Europe’s largest truck owner has warned it could turn away deliveries to the UK if Brexit triggers chaos at the border, a move that could threaten supermarkets’ supplies of fresh produce.
With a little more than two weeks until the UK leaves the European Union’s single market, Kristian Kaas Mortensen, an executive at Girteka Logistics, said he expects queues at the border that could stretch as far as 31 miles. Hold-ups could force his firm, which owns 7,500 trucks, as well as its rivals to limit bookings to the UK he said in an interview.
The UK has told businesses to brace for disruption at the border next month regardless of whether it signs a trade deal with the EU. In its worst-case scenario, it expects a queue of 7,000 trucks at the port of Dover. The government blames companies for not doing enough to prepare for the new customs checks and paperwork that will be needed after Dec. 31.
“What does it help to be prepared when you can’t even reach the territory?” Mortensen said. “Both the small guy and the big guy will in that case say ‘this looks like a situation it’s better to avoid for the next three to six months.’”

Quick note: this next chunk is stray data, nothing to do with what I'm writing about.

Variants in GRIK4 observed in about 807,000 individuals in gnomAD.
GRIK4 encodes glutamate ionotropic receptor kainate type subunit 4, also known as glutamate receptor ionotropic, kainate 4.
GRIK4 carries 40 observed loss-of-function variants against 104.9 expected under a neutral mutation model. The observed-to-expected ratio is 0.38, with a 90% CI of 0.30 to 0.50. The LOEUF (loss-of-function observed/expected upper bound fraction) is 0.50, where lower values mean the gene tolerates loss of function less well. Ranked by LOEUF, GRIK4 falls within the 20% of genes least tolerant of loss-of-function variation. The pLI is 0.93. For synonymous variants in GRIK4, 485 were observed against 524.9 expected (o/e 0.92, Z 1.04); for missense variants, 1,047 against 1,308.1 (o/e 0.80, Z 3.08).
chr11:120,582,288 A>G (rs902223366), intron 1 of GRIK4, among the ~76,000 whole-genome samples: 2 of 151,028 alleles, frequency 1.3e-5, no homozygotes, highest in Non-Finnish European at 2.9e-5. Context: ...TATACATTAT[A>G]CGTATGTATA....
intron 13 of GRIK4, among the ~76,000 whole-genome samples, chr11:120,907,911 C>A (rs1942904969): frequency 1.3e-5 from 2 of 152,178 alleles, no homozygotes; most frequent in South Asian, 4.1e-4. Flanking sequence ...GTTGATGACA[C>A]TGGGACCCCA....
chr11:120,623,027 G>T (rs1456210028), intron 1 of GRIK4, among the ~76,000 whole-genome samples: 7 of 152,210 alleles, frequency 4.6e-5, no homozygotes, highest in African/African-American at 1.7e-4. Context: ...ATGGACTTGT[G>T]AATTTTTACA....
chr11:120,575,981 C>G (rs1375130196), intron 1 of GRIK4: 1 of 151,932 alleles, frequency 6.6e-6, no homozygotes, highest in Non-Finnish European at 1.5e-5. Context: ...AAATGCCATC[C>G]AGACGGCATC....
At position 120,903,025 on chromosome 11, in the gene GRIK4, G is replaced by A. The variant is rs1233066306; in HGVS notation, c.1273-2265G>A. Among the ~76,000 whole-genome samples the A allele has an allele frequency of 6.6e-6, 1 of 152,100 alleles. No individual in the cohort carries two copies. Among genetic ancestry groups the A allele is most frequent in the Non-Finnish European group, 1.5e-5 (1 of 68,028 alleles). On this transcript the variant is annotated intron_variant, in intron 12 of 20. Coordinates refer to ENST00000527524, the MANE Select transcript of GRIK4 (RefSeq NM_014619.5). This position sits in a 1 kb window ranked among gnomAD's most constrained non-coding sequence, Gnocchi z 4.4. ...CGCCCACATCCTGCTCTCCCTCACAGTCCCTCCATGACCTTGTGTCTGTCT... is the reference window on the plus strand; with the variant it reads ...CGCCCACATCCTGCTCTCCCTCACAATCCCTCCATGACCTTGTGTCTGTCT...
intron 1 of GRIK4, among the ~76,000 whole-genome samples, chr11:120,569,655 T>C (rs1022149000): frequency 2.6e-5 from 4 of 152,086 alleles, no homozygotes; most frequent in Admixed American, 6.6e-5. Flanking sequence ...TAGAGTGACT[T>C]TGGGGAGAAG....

Girteka Logistics isn’t alone. The Road Haulage Association, an industry lobby group, says a number of EU hauliers aren’t taking bookings for deliveries to the UK in January. The cost of keeping trucks and their drivers waiting in line for 24 hours may not be worth the value of their contracts, according to the RHA.
Last month, the government published a 40-page handbook advising commercial drivers of the measures they need to take to enter the UK With more than 90% of trucking companies having fewer than 10 lorries, Mortensen says the potential for smaller firms to arrive with the wrong paperwork is huge, leading to lengthy delays for everyone.
Of particular concern is the raft of food and produce the UK imports, Mortensen said. Delays could see everything from bananas to salmon passing their use-by dates aboard trucks and being unusable by the time they reach their destinations.
“It looks very concerning at the moment,” he said. “Chaos and unpredictability can lead to trucking capacity being allocated to other markets, leaving UK supermarkets with less than full shelves.”
Last week, the chairman of supermarket chain Tesco Plc, John Allan, warned of shortages of fresh produce for a month or two after Dec. 31, and said shoppers could expect to pay more for their food.